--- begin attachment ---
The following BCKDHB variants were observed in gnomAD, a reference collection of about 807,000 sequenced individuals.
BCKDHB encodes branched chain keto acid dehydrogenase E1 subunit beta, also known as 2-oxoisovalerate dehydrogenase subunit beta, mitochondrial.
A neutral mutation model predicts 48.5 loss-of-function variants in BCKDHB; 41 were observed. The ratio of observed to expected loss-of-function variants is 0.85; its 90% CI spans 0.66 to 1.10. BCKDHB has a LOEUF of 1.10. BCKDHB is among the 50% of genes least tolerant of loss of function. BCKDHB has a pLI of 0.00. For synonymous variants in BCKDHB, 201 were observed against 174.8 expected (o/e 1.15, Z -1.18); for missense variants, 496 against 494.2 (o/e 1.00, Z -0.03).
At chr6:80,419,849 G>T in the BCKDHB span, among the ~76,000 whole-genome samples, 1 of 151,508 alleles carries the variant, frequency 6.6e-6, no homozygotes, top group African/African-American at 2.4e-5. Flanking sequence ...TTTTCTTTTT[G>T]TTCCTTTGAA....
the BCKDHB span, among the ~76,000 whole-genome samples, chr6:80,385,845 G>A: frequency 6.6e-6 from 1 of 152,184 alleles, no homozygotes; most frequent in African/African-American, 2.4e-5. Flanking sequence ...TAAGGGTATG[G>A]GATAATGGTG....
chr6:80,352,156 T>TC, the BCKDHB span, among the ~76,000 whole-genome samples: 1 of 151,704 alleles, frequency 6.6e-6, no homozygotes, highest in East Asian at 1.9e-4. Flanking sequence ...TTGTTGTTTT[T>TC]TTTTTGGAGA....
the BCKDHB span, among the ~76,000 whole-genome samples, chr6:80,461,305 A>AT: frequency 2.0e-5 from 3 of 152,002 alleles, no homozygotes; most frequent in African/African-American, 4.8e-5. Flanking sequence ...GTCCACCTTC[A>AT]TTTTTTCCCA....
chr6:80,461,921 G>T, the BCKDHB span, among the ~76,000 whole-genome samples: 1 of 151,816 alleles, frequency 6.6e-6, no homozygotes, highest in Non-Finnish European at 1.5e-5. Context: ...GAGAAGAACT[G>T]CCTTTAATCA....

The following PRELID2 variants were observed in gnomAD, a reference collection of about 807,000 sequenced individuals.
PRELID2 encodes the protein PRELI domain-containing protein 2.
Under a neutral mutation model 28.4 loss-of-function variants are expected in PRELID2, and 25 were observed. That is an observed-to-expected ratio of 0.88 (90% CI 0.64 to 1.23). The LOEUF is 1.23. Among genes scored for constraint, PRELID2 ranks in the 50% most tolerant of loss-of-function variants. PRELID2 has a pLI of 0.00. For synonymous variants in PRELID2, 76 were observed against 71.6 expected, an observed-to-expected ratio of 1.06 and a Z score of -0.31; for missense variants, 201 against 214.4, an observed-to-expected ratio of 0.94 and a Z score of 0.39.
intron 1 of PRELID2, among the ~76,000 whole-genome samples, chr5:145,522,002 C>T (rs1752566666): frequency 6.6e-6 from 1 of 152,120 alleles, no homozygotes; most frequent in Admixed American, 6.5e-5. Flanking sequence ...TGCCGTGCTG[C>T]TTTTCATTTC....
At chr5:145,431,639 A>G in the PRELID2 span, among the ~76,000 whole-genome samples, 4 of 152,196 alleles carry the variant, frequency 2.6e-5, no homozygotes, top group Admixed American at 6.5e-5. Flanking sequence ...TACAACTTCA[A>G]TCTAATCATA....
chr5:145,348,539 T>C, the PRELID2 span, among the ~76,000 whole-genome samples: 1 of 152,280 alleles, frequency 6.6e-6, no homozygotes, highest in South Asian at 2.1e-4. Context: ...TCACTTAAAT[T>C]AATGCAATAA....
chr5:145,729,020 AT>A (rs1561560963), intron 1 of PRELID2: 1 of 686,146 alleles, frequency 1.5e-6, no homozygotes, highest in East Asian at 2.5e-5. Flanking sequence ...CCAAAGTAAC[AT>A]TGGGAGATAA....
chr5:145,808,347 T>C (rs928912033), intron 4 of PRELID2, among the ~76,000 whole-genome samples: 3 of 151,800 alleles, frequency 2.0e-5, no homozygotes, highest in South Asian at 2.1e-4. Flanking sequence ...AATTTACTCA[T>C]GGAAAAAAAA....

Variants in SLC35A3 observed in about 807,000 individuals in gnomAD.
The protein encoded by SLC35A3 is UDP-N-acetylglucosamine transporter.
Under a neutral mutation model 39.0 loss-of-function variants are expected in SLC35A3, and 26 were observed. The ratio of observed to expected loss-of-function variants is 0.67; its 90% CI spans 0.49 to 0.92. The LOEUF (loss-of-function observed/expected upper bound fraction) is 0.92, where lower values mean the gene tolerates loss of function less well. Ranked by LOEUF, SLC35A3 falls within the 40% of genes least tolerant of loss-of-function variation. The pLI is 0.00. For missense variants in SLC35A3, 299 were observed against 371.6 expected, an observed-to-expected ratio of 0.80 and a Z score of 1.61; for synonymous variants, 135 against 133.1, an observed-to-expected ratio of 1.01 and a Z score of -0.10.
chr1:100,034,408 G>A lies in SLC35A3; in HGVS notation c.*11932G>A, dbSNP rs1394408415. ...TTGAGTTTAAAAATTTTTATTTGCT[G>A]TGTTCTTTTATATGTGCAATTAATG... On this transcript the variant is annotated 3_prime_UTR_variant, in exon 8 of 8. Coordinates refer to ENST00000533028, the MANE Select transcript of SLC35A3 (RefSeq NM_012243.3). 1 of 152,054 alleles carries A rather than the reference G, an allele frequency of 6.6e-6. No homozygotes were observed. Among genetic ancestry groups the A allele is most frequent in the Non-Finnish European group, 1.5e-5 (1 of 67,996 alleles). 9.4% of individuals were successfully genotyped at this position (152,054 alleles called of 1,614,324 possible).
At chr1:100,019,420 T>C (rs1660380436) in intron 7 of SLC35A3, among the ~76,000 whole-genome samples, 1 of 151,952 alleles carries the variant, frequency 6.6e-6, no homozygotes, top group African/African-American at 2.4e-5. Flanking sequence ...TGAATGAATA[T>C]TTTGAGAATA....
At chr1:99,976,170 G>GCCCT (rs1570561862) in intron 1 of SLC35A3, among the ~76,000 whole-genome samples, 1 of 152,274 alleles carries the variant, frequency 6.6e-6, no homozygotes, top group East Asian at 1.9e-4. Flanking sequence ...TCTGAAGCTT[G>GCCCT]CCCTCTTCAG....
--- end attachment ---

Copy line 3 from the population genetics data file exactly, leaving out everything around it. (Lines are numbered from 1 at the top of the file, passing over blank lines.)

A neutral mutation model predicts 48.5 loss-of-function variants in BCKDHB; 41 were observed. The ratio of observed to expected loss-of-function variants is 0.85; its 90% CI spans 0.66 to 1.10. BCKDHB has a LOEUF of 1.10. BCKDHB is among the 50% of genes least tolerant of loss of function. BCKDHB has a pLI of 0.00. For synonymous variants in BCKDHB, 201 were observed against 174.8 expected (o/e 1.15, Z -1.18); for missense variants, 496 against 494.2 (o/e 1.00, Z -0.03).